Wreck of the Whale Ship Essex -- The Extraordinary and Distressing Memoir that Inspired Herman Melville's Moby Dick by Owen Chase, Introduction by Gilbert King, Zenith Press '15, in oversized format on glossy stock, $35, 195 pages, ASIN #076034812X. Index, photo credits, supplement, scores of color glossy images, some of them full-page.
"July of 1852, a 32-year-old novelist named Herman Melville had high hopes for his new novel, Moby-Dick; or, /The Whale, despite the book's mixed reviews and tepid sales," writes journalist Gilbert King in his Introduction. "That month he took a steamer to Nantucket for his first visit to the Massachusetts island, home port of his novel's mythic protagonist, Captain Ahab, and his ship, the Pequod. Like a tourist, Melville met local dignitaries, dined out, and took in the sights of the village he had previously only imagined.
"And on his last day on Nantucket, he met the broken-down 60 year-old man who had captained the Essex, the ship that had been attacked and sunk by a sperm whale in an 1820 incident that had inspired Melville's novel. Captain George Pollard, Jr. was just 29 years old when the Essex went down, and he survived and returned to Nantucket to captain a second whaling ship, Two Brothers.
"But when that ship wrecked on a coral reef two years later, the captain was marked as unlucky at sea -- a 'Jonah' -- and no owner would trust a ship to him again. Pollard lived out his remaining years on land, as the village night watchman."
Author Owen Chase was first mate of the whale ship Essex when it was struck and sunk by a sperm whale on Nov. 20, 1820. Chase published his tale, originally titled Narrative of the Most Extraordinary and Distressing Shipwreck of the Whale-Ship Essex, in 1821, and the story would inspire Herman Melville to write Moby-Dick.
Beale Street Dynasty -- Sex, Song, and the Struggle for the Soul of Memphis by Preston Lauterbach, Norton '15, $26.95, 352 pages, ASIN #0393082571. Index, notes, grouping of b&w glossy images.
In his review of Beale Street Dynasty, acclaimed author Hampton Sides writes, "Lauterbach gives us Beale in its heyday -- the chitlin' joints, the rough-and-tumble politics, the fecund music-- and deftly paints a portrait of the one improbable millionaire who towered over this vibrant world. Read Beale Street Dynasty and you begin to feel like you're communing with ghosts."
From the dust jacket:
"Following the Civil War, Beale Street in Memphis, TN, thrived as a cauldron of sex and song, violence and passion. But out of his turmoil emerged a center of black progress, optimism, and cultural ferment. Preston Lauterbach tells this vivid, fascinating story through the multi-generational saga of a family whose ambition, race pride, and moral complexity indelibly shaped the city that would loom so large in American life.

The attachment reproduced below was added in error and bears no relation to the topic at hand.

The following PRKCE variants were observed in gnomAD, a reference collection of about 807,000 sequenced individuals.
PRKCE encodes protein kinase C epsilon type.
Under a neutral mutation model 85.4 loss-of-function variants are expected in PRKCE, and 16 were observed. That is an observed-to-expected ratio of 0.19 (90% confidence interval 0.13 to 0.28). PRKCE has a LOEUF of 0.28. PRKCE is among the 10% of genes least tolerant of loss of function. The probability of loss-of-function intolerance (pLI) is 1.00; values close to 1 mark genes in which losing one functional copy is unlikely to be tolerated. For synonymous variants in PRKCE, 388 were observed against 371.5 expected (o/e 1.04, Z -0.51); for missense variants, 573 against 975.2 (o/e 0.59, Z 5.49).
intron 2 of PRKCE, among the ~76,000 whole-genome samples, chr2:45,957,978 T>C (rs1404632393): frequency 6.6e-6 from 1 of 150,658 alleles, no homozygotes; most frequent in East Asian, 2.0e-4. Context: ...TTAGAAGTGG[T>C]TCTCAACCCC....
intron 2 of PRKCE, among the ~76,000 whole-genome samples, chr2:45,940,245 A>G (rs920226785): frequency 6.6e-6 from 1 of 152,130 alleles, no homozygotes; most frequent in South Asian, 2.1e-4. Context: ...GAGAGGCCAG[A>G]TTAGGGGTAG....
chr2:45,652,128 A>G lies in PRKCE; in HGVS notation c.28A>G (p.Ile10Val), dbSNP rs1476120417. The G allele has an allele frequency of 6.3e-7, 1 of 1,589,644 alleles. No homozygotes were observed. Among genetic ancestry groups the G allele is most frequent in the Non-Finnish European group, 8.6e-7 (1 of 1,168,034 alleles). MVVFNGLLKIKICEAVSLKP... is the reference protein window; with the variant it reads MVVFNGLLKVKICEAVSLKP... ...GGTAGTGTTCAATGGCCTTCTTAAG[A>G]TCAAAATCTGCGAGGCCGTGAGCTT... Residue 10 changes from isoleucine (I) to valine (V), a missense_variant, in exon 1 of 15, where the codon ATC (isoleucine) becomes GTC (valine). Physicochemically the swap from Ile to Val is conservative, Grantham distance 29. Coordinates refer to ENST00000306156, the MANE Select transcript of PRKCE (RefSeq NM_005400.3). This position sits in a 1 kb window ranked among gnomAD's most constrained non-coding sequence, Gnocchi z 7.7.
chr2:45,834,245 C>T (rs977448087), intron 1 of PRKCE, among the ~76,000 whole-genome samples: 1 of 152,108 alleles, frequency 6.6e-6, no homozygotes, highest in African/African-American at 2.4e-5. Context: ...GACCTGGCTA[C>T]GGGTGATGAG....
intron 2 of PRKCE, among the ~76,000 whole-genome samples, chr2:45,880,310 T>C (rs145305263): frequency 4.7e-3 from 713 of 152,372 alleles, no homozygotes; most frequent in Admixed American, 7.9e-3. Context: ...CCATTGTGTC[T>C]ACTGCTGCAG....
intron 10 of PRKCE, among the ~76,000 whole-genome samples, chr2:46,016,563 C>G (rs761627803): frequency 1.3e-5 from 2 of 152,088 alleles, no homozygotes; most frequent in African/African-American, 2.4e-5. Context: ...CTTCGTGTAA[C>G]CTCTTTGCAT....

"Robert Church, who would become 'the South's first black millionaire,' was a mulatto slave owned by his white father. Having survived a deadly race riot in 1866, Church constructed an empire of vice in the booming river town. He made a fortune with saloons, gambling, and -- shockingly -- white prostitution. But he also nurtured the militant journalism of Ida B. Wells and helped revolutionize American music through the work of composer W.C. Handy, the man who claimed to have invented the blues."
Author Preston Lauterbach's first book, The Chitlin' Circuit: And the Road to Rock 'n' Roll was named the best book of the year by the Wall Street Journal, Boston Globe, and NPR. He lives in Virginia.
It's What I Do -- A Photographer's Life of Love and War by Lynsey Addario, Penguin Press '15 on glossy stock, $29.95, 357 pages, ASIN #159420537X. Index, dozens of color glossy photos, some full-page.
"In the perfect light of a crystal-clear morning, I stood outside a putty-colored cement hospital near Ajdabiya, a small city on Libya's northern coast, more than 500 miles east of Tripoli," writes author Lynsey Addario in her new book. "Several other journalists and I were looking at a car that had been hit during a morning air strike.
"Its back window had been blown out, and human remains were splattered all over the backseat. There was part of a brain on the passenger seat; shards of skull were embedded in the rear parcel shelf. Hospital employees in white medical uniforms carefully picked up the pieces and placed them in a bag. I picked up my camera to shoot what I had shot so many times before, then put it back down, sweeping aside to let the other photographers have their turn. I couldn't do it that day.
"It was March 20ll, the beginning of the Arab Spring. After Tunisia and Egypt erupted into unexpectedly euphoric and triumphant revolutions against their longtime dictators -- millions of ordinary people shouting and dancing in the streets in celebration of their newfound freedom -- Libyans revolted against their own homegrown tyrant, Muammar el-Qaddafi. He had been in power for more than 40 years, funding terrorist groups across the world while he tortured, killed, and disappeared his fellow Libyans. Qaddafi was a maniac."
Author Lynsey Addario is an American photojournalist whose work appears regularly in The New York Times, National Geographic, and Time magazine. Among numerous awards, she has received the MacArthur Genius Grant and the Pulitzer Prize in International Reporting.